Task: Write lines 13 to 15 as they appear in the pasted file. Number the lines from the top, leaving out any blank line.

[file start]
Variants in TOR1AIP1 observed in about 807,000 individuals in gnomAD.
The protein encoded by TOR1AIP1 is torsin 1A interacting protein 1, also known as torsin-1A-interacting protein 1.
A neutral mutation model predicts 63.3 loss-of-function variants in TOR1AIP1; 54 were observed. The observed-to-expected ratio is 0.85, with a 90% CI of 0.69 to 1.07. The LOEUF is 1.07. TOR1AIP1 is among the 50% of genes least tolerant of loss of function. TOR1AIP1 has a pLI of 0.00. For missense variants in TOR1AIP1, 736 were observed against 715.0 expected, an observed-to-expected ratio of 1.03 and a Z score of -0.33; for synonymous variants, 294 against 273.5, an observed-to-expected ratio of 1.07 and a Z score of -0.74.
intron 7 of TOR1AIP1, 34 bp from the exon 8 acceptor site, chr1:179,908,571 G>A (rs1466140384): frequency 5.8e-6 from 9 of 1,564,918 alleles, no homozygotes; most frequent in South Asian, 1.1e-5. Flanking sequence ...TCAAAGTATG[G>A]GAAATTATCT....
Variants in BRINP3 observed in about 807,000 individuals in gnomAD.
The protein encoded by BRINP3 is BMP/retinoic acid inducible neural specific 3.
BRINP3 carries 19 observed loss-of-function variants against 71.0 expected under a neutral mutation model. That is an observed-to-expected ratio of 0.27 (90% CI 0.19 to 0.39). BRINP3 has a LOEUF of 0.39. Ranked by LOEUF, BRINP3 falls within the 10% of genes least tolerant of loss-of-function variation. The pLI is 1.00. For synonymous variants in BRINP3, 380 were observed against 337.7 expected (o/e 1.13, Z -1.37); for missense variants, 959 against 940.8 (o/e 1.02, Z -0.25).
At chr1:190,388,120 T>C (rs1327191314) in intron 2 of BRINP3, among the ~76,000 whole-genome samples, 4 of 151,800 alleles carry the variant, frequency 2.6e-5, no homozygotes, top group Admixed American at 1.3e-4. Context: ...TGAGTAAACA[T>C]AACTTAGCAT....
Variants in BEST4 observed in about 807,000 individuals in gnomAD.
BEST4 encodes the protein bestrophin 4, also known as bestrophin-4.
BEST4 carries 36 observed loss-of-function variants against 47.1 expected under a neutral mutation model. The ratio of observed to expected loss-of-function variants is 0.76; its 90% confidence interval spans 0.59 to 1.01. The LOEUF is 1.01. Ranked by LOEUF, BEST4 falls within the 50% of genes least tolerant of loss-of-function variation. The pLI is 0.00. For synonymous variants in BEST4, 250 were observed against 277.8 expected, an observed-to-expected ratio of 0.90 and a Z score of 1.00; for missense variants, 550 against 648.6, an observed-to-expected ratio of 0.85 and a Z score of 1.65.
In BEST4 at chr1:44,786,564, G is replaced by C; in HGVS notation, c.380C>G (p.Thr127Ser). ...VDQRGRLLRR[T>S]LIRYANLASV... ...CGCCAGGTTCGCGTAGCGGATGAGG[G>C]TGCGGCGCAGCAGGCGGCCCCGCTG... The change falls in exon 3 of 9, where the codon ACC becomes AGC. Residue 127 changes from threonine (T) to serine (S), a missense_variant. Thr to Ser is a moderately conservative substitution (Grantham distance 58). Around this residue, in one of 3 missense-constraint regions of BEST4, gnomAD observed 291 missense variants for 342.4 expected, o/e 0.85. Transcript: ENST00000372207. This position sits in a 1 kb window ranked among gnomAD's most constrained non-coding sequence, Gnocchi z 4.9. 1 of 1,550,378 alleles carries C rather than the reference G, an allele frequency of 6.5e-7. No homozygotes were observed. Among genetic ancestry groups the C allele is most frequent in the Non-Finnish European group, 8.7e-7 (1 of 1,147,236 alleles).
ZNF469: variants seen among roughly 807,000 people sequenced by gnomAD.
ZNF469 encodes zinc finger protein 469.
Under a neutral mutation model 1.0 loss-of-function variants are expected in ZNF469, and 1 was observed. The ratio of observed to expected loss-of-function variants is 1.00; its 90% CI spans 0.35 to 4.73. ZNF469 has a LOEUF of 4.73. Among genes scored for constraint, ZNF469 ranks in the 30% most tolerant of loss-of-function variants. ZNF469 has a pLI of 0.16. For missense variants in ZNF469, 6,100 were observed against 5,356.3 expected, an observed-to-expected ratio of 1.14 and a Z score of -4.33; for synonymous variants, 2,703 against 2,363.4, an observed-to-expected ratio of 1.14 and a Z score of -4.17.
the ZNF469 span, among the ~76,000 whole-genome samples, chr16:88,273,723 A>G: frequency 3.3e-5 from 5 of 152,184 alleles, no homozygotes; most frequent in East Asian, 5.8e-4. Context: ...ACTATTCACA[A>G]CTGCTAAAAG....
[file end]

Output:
ZNF469: variants seen among roughly 807,000 people sequenced by gnomAD.
ZNF469 encodes zinc finger protein 469.
Under a neutral mutation model 1.0 loss-of-function variants are expected in ZNF469, and 1 was observed. The ratio of observed to expected loss-of-function variants is 1.00; its 90% CI spans 0.35 to 4.73. ZNF469 has a LOEUF of 4.73. Among genes scored for constraint, ZNF469 ranks in the 30% most tolerant of loss-of-function variants. ZNF469 has a pLI of 0.16. For missense variants in ZNF469, 6,100 were observed against 5,356.3 expected, an observed-to-expected ratio of 1.14 and a Z score of -4.33; for synonymous variants, 2,703 against 2,363.4, an observed-to-expected ratio of 1.14 and a Z score of -4.17.